The Latest: Wyoming’s wolf delisting thrown out

A U.S. District Court hands management back to the feds.

 

Backstory

1974: The nearly extinct gray wolf was listed as endangered.

1995: The U.S. Fish and Wildlife Service reintroduced gray wolves into Idaho and Yellowstone National Park.

May 2011: The now-thriving predator was delisted in Montana, Idaho and parts of Washington, Oregon and Utah, but remained protected in Wyoming because the state lacked a viable management plan (“How the gray wolf lost its endangered status — and how enviros helped,” HCN, 6/6/11). After Wyoming revised its plan, that decision was reversed in September 2012. Under the state’s plan, wolves could be shot on sight in the “predator zone,” which spans nearly 80 percent of Wyoming.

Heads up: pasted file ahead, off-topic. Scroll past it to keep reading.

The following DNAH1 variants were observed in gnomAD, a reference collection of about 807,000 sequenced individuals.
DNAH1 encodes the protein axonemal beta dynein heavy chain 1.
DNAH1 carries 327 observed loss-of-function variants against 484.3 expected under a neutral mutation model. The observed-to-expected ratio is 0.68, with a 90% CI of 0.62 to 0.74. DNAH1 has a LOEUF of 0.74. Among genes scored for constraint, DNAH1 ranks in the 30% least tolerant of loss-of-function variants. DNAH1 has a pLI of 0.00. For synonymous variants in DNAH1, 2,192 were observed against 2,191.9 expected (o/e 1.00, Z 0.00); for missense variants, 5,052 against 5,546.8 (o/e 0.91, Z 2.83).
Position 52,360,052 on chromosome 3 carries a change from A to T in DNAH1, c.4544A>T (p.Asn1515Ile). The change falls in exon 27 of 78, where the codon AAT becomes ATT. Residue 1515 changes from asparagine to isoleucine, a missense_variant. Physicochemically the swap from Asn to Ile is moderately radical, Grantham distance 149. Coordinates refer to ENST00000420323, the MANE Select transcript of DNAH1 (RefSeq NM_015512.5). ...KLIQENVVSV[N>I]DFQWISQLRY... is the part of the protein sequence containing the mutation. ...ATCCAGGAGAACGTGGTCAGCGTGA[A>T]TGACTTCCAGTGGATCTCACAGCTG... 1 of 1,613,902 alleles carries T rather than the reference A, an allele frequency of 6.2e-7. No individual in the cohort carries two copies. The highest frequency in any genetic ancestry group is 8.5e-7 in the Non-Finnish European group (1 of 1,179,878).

Followup  

Wyoming’s attempt at wolf management is over, at least for now; conservationists challenged the 2012 decision and a U.S. District Court recently affirmed that the delisting was premature and a violation of federal law. Defenders of Wildlife CEO Jamie Rappaport Clark said, “Any state that has a wolf-management plan that allows for unlimited wolf killing should not be allowed to manage wolves.” The state’s fall wolf-hunting season is now on hold.